Independence Day celebrations began this past weekend, with picnics, parades, and fireworks displays all around the country. In honor of the holiday, we asked several of our authors to share their feelings about Independence Day and what it means to them-- good and bad. Three authors who grapple with the complex history associated with the holiday quoted Frederick Douglass from his speech, "What to a Slave is the Fourth of July?" We've grouped their responses for today's post.
Bill Fletcher Jr. is a long-time racial-justice, labor, and international activist, scholar, and author. He has served in leadership positions with many prominent union and labor organizations, including the AFL-CIO and the Service Employees International Union. Fletcher is currently the director of field services for the American Federation of Government Employees. He is the author of the forthcoming book "They're Bankrupting Us!" And Twenty Other Myths about Unions.
The 4th of July is always a complicated holiday for me. That is largely because it has a complicated historical significance. When I think of July 4th I immediately think about how my African ancestors were largely ignored-- except with regard to labor power and some soldiering--in the course of the events that were transpiring at that moment, and particularly ignored in the context of great minds thinking about the future of the new nation that they wished to create. I also think about how the War of Independence was in part ignited by the indignation of the settlers over restrictions imposed on them by the British regarding going further West-- into the lands of my Shawnee ancestors and other Native American nations.
As a result, I cannot uncritically celebrate July 4th. I consider, of course, the ideal that is contained in the Declaration of Independence, and am aware of those among the colonial settlers who may have had a more egalitarian vision of the future. I am equally aware of the ideal that July 4th is supposed to represent. But I am saddened each year that there is little historical examination of the contradictory nature of the War of Independence, and that for entire populations the War of Independence came to represent yet another stage on the road to their annihilation.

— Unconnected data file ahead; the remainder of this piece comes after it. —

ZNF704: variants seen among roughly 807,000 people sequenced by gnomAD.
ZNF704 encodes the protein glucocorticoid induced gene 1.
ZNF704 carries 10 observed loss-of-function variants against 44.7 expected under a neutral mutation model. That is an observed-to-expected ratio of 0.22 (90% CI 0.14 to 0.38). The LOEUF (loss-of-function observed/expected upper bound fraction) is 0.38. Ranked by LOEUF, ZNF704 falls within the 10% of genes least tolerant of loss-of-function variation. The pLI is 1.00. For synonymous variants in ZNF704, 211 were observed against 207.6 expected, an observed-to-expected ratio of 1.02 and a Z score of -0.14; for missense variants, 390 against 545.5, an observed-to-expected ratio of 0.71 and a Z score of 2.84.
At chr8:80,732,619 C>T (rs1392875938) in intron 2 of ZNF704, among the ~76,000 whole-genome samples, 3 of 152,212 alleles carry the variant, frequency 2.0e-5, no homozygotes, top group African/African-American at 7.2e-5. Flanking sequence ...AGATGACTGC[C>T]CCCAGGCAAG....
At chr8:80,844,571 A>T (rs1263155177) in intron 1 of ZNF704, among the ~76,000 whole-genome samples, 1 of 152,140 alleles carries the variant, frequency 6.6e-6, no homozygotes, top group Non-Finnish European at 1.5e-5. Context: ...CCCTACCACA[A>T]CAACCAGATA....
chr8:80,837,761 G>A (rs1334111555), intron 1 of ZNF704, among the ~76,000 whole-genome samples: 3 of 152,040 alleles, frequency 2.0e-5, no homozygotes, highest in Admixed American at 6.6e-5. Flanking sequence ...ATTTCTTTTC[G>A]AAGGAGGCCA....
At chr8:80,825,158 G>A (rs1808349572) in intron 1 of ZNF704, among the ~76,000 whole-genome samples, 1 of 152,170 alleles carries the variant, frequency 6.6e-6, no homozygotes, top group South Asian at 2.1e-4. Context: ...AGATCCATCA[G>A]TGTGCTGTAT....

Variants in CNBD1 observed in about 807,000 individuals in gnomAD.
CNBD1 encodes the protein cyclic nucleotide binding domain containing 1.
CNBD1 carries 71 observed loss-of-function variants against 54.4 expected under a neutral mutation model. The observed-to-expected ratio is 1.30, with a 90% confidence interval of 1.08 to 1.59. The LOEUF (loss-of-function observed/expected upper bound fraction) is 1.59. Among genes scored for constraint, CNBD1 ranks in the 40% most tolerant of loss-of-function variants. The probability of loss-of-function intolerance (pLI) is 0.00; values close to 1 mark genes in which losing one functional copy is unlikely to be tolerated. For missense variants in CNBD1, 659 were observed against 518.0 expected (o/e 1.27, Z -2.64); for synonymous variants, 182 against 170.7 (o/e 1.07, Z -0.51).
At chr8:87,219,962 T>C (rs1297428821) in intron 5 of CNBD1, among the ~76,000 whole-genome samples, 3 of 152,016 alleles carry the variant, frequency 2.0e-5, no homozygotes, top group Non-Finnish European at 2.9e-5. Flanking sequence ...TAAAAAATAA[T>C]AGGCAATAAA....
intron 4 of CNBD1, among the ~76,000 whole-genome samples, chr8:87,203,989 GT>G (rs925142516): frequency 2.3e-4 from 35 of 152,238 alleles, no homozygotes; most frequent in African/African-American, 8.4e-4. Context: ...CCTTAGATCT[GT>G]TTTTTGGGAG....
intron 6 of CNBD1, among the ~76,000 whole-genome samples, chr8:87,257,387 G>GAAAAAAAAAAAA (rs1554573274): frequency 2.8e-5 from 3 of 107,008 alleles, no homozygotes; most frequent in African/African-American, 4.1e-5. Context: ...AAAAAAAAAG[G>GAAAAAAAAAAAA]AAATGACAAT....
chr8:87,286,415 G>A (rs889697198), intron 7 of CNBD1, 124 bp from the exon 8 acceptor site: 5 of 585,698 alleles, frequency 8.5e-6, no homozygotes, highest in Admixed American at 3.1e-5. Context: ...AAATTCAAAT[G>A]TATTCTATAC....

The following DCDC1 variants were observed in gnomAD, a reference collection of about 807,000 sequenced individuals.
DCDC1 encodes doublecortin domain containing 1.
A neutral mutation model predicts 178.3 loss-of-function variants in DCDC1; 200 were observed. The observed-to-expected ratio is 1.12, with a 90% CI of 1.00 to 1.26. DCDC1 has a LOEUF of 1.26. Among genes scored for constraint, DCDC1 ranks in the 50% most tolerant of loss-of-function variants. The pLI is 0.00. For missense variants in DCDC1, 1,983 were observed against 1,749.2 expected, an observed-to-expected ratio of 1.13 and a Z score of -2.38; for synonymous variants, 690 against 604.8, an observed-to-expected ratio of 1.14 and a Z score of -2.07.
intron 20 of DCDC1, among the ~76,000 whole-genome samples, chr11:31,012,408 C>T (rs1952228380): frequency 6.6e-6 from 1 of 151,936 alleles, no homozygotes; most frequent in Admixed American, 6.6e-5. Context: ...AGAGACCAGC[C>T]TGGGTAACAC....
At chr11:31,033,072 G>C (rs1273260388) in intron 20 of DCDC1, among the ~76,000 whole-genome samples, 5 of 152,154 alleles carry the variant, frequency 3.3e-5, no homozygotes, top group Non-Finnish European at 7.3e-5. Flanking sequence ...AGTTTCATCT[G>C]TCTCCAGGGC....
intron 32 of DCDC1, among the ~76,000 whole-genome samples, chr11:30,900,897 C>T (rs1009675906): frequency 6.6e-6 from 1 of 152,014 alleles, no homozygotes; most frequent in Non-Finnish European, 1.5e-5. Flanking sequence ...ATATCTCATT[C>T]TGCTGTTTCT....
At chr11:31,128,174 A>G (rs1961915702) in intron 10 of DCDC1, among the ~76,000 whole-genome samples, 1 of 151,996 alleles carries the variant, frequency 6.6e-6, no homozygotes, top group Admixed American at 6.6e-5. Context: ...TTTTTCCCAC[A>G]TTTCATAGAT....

In the 19th century the great Frederick Douglass posed a question in a now famous speech "What to a slave is the fourth of July?" I would expand that and pose the question that today needs to be asked and answered: For those of us who believe in democracy, justice and equality, how do we disentangle the web of myth that surrounds the Fourth of July?"
Sharon Morgan is co-author of Gather at the Table: The Healing Journey of a Daughter of Slavery and a Son of the Slave Trade. Morgan is a marketing communications consultant and a nationally recognized pioneer in multicultural marketing. An avid genealogist, she is the webmaster for OurBlackAncestry.com and is a founder of the Black Public Relations Society.
On July 4, 1776, the day America declared its independence, one fifth of the population was in a state of bondage. Seventy-six years later, in 1852, abolitionist and former slave, Frederick Douglass, articulated, “There is not a nation on the earth guilty of practices more shocking and bloody than are the people of the United States, at this very hour.”
Although legal freedom came in 1865, when four million people were released from slavery, evidence of true emancipation did not come until 143 years later, when Barack Obama was elected the first African American President of the United States. In his inaugural July 4th address, he extolled, “That unyielding spirit [that] defines us as American... It is what has always led us, as a people, not to wilt or cower at a difficult moment, but to face down any trial and rise to any challenge, understanding that each of us has a hand in writing America’s destiny.”
This July 4th, I will be thinking about history and destiny... And celebrating my commitment to be an agent of change in the world independence has wrought.
Thomas Norman DeWolf is co-author of Gather at the Table: The Healing Journey of a Daughter of Slavery and a Son of the Slave Trade and author of Inheriting the Trade: A Northern Family Confronts Its Legacy as the Largest Slave-Trading Dynasty in U.S. History. He is featured in the Emmy-nominated documentary film Traces of the Trade, which premiered at the Sundance Film Festival and on the acclaimed PBS series POV. DeWolf speaks regularly about healing from the legacy of slavery and racism at conferences and colleges throughout the United States.
Celebration of Independence Day ain’t what it used to be for me. What I’ve learned along the road I’ve traveled the past decade-- much of which is horrible, shameful and has been deeply buried or glossed over in America’s collective psyche-- has led me to reevaluate how I view myself and my country. On July 4, 1852, Frederick Douglass said, “Your high independence only reveals the immeasurable distance between us. The blessings in which you, this day, rejoice, are not enjoyed in common. The rich inheritance of justice, liberty, prosperity and independence, bequeathed by your fathers, is shared by you, not by me.” The deep wound of racism-– the legacy of slavery-– about which Douglass spoke has never been fully acknowledged and healed. I no longer celebrate “independence” that resulted in the annihilation of millions of indigenous people and the enslavement of millions of Africans. I don’t celebrate drone strikes in the name of freedom. I celebrate truth-tellers and peacebuilders. I celebrate the progress we have made and continue to make in the face of strong resistance. Mostly, I celebrate hope – the hope that one day we will live up to the ideals upon which this great country was founded.